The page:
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3. 4.

98 EN Official Journal of the European Communities C 102/167

Greece and Portugal did not supply figures for 1996. Also, there is no Greek figure for 1995. Thus, the more
recent figures for Greece and Portugal available in the report are concerning 1994 and 1995, respectively. The
ratio of taxes and social contributions reached 31.8% of GDP in Greece in 1994, and amounted to 36.2% of GDP
in Portugal in 1995.

According to the figures estimated by the Commission in the framework of its economic forecasts of spring
1997, the ratio of taxes and social contributions in percent of GDP in Greece has increased by about 1% point in
1995 and has remained stable in 1996. In Portugal, the ratio has increased by 1% point of GDP in 1996.

(98/C 102/251) WRITTEN QUESTION P-3159/97


by Bernie Malone (PSE) to the Commission
(30 September 1997)

Subject: Structural funding

Can the Commission indicate what amount of the total structural funding allocated to Ireland over the period
1994-99 has been spent so far? What projects remain to be completed and what amount has been allocated to each
of these? Has a list of priorities been prepared between the Commission and the Irish Government?

Answer given by Mrs Wulf-Mathies on behalf of the Commission


(11 November 1997)

In view of the length of its answer, the Commission is sending it direct to the Honourable Member and to
Parliament’s Secretariat.

(98/C 102/252) WRITTEN QUESTION P-3246/97


by Yves Verwaerde (PPE) to the Commission
(9 October 1997)

Subject: High-Level Experts Group on the social and societal aspects of the Information Society

Will the Commission indicate the membership of the High-Level Experts Group on the social and societal
aspects of the Information Society?

Answer given by Mr Flynn on behalf of the Commission


(6 November 1997)

The Commission is sending the information requested direct to the Honourable Member and to Parliament’s
Secretariat.

(98/C 102/253) WRITTEN QUESTION P-3277/97


by Elly Plooij-van Gorsel (ELDR) to the Commission
(13 October 1997)

Subject: European importers of Bangladeshi textiles suffering from export duty levied retrospectively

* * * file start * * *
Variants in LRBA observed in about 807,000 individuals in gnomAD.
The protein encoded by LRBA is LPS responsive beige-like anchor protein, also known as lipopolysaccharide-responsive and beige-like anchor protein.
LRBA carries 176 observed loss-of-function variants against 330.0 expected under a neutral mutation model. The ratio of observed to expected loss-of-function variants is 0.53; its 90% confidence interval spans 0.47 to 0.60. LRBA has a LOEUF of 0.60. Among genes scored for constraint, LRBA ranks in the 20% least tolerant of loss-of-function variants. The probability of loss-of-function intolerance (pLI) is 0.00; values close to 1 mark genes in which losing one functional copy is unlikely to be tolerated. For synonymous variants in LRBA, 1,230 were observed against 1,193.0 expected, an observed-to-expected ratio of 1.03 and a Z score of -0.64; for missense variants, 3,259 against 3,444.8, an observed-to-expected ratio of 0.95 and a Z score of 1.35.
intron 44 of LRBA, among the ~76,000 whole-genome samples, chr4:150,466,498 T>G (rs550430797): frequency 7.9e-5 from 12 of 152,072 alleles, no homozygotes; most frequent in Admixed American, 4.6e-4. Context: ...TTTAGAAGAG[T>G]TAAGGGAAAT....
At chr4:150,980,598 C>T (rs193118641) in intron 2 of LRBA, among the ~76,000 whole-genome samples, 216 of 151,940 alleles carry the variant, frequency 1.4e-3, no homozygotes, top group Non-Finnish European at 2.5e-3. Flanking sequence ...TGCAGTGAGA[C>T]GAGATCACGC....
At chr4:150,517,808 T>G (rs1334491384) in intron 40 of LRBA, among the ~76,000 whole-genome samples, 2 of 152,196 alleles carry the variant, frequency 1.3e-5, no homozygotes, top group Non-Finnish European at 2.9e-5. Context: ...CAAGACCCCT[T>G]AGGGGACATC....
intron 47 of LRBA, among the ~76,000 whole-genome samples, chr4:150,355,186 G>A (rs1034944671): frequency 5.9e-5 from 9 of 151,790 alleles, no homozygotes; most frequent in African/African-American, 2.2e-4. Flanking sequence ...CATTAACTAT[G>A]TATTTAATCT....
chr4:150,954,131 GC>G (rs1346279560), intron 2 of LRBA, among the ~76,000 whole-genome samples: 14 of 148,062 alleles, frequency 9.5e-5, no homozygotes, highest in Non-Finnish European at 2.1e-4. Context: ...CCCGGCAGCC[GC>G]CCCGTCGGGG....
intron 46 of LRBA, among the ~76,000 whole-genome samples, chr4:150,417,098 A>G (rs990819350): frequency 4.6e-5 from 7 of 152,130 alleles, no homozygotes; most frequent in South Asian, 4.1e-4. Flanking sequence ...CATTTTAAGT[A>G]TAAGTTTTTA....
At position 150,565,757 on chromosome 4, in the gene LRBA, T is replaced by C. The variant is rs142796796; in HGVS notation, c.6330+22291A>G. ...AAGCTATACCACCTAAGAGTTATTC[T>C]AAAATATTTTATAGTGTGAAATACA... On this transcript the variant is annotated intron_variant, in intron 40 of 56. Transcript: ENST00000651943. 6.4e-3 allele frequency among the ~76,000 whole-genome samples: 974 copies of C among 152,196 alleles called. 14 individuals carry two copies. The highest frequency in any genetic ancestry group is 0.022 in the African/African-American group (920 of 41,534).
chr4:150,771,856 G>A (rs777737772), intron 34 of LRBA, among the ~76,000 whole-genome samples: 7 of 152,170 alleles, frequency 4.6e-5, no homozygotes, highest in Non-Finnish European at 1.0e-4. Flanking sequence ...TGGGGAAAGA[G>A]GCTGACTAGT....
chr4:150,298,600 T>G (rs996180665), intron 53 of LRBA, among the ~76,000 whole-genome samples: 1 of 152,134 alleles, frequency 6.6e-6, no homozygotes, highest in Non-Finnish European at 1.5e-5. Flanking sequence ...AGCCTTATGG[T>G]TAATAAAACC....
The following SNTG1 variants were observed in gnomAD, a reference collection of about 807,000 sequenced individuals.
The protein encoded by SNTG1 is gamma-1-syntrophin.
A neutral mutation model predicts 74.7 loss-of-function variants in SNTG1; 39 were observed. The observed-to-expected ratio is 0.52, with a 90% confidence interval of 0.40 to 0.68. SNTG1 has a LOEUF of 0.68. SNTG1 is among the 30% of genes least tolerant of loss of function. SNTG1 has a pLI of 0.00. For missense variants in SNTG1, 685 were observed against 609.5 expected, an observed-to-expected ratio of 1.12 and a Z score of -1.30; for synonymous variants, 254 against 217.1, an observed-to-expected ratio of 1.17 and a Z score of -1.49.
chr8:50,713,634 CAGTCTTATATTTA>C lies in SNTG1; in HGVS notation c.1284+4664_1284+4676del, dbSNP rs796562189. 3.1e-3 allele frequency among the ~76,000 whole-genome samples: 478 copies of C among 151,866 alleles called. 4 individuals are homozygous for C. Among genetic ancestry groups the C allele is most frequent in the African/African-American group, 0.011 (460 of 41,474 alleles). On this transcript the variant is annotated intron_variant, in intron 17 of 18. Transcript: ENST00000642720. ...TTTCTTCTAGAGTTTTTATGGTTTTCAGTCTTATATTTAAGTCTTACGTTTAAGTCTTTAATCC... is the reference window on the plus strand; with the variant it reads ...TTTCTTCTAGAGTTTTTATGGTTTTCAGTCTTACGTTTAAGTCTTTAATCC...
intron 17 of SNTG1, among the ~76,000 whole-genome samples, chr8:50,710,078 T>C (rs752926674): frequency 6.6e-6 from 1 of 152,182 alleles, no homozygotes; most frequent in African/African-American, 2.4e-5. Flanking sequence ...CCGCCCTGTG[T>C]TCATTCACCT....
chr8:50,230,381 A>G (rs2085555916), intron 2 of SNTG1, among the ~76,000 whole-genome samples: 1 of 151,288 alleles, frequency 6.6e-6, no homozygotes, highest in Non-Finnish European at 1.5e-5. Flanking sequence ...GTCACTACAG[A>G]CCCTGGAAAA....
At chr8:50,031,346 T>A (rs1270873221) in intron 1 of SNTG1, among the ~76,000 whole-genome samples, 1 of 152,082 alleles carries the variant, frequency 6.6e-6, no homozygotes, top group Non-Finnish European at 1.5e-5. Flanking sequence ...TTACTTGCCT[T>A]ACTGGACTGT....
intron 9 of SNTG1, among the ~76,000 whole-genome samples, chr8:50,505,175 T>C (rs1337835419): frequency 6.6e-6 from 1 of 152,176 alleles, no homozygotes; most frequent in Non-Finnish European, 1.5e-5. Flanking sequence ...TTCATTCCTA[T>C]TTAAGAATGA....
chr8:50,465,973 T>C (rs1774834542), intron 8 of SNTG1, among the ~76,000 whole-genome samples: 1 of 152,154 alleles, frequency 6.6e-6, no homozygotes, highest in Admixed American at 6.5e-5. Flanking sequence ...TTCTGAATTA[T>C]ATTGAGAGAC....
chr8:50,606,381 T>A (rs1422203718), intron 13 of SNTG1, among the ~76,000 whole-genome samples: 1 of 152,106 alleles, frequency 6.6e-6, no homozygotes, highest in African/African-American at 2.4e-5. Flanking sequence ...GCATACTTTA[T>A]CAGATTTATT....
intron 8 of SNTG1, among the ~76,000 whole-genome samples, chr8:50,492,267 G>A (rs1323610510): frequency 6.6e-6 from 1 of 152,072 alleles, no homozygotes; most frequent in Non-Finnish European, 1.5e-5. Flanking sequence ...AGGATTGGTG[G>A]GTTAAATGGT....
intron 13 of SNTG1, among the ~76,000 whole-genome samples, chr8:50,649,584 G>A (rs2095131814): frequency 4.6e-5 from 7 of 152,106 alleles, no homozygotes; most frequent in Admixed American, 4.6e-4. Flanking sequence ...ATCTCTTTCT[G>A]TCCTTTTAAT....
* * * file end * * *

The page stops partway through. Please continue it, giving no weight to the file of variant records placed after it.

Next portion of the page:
Under the GSP imports from Bangladesh with certificates of origin are admitted to the European market on more
favourable terms.
C 102/168 EN Official Journal of the European Communities 3. 4. 98

It appears that not all certificates issued by the authorities are issued properly. As a result, and on the
recommendation of the Commission, Bangladesh has declared 15 000 certificates of origin invalid with
retroactive effect. The Commission intends to levy import duties in respect of imports made in the years
1994-1996. This will cause considerable financial problems for many European importers.

1. Does the Commission feel that the Bangladesh authorities have sufficient expertise in preparing certificates
of origin? If not, has the Commission provided them with adequate assistance in issuing them correctly?

2. When did the Commission become aware of the technical problems involving the certificates? Did it then
immediately notify the imparters?

3. If not, why not? Does the Commission expect importers themselves to check the validity of official
government certificates of origin? If so, how can businesses do so?

4. Does the Commission feel that it is right to levy duties retrospectively because of invalid official
certificates? If so, does the Commission think it is reasonable to charge duty retrospectively three years after the
date of import?

5. How does the Commission intend to prevent this of problem in the future?

Answer given by Mr Kinnock on behalf of the Commission


(18 November 1997)

In view of the length of its answer, the Commission is sending it direct to the Honourable Member and to
Parliament’s Secretariat.

(98/C 102/254) WRITTEN QUESTION E-3296/97


by Nikitas Kaklamanis (UPE) to the Commission
(20 October 1997)

Subject: Moves by Turkey to destabilize the Aegean

It has been reported in the press that the Turkish secret services are drawing up plans aimed at destabilizing the
Aegean under the pretext of ‘pursuing’ persons masquerading as Kurdish guerrillas to one of the islands of the
Eastern Aegean.

The whole operation is intended to discredit one of the Member States of the EU, namely Greece, by suggesting it
is a centre of terrorism and to undermine Greek sovereignty, while ostensibly combating and preventing acts of
terrorism.

Given that Turkey is a state linked to the EU by association agreement, which means that it is duty-bound to
respect the rules of international law, will the Commission say what it intends to do in order to forestall a general
destabilization of the Aegean, the consequences of which would be felt by the EU itself?

Answer given by Mr Van den Broek on behalf of the Commission


(17 November 1997)

The Commission takes the view that it has no jurisdiction in this matter.